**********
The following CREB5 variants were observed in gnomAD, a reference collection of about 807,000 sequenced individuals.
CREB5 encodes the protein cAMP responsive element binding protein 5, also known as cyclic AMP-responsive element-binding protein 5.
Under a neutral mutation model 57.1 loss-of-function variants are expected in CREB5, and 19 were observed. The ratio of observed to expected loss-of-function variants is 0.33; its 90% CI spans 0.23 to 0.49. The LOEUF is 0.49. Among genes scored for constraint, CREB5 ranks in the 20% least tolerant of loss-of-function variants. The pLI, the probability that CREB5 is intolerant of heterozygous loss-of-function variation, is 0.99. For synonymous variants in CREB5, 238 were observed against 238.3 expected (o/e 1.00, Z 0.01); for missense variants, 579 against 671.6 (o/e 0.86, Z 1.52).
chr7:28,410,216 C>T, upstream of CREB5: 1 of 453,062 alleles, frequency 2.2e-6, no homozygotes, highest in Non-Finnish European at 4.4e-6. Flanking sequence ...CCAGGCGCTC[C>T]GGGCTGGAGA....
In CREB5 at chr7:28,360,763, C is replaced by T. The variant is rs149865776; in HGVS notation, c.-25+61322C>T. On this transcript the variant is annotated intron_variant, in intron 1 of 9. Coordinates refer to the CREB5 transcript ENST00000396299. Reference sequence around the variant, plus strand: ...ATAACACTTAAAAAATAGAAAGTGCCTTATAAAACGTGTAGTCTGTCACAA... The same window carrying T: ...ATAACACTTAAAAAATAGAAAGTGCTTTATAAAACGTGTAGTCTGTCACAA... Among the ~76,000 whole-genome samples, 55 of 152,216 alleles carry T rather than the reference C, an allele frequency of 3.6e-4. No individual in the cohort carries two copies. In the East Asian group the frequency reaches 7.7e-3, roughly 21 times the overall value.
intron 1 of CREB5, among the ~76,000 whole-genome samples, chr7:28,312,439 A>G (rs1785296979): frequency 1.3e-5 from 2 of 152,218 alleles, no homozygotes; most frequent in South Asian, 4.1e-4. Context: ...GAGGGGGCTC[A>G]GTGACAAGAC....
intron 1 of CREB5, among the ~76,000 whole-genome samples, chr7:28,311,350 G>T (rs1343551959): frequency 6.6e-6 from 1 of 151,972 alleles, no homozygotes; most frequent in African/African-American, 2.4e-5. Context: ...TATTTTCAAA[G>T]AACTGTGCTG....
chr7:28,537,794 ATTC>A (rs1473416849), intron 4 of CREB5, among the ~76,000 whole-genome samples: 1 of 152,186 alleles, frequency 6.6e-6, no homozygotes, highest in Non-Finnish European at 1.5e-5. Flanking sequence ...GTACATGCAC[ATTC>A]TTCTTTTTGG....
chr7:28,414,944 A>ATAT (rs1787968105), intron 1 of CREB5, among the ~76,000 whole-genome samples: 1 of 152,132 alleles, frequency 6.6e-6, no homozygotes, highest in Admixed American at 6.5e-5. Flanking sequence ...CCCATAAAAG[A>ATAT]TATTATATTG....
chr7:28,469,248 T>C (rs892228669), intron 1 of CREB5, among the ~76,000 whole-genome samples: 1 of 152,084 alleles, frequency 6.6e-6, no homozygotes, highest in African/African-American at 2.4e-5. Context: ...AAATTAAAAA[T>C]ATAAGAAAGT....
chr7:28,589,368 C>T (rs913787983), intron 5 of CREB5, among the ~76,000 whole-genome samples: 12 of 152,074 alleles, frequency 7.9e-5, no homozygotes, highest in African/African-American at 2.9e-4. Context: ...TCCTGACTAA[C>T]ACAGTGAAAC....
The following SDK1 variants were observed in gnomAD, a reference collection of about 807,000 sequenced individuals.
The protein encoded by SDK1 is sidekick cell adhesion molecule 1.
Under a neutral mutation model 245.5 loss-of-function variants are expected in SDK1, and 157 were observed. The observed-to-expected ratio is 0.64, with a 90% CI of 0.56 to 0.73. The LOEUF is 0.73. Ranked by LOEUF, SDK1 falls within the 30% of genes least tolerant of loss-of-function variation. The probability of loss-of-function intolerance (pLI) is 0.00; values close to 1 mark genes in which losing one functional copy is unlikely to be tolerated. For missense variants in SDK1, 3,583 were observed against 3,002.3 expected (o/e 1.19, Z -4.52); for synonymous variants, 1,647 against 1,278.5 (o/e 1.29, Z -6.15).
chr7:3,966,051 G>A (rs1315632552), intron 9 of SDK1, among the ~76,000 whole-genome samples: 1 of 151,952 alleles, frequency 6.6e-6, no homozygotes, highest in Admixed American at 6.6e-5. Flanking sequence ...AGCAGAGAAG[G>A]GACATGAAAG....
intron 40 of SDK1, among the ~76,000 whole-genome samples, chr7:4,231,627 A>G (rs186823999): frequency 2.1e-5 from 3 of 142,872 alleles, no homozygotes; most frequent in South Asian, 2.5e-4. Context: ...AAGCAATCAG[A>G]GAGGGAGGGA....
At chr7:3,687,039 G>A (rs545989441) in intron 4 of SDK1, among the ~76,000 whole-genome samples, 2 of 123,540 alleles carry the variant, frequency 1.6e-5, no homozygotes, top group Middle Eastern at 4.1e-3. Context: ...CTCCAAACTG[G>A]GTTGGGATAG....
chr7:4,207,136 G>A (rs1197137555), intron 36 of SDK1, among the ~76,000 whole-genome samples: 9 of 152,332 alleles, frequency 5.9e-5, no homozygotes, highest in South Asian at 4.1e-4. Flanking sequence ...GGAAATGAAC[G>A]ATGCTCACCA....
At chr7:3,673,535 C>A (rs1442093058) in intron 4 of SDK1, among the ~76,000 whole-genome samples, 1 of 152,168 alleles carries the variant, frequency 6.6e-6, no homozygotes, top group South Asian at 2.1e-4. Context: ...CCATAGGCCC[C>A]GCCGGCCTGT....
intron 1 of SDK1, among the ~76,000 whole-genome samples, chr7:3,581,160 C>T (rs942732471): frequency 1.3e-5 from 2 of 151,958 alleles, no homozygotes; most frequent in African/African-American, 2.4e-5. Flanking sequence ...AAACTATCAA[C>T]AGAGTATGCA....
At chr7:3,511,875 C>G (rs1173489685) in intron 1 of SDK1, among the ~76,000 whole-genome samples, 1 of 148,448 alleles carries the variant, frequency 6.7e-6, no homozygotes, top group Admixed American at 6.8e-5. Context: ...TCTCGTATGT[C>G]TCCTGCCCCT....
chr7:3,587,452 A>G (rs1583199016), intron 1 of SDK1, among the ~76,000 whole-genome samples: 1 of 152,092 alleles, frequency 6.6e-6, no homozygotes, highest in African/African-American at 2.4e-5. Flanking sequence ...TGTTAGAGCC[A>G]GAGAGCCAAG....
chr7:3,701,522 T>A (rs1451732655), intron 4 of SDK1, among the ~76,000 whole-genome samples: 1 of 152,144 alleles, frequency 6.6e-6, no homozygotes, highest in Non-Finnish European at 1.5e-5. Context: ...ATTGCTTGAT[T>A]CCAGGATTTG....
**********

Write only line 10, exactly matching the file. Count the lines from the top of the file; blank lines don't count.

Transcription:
chr7:28,469,248 T>C (rs892228669), intron 1 of CREB5, among the ~76,000 whole-genome samples: 1 of 152,084 alleles, frequency 6.6e-6, no homozygotes, highest in African/African-American at 2.4e-5. Context: ...AAATTAAAAA[T>C]ATAAGAAAGT....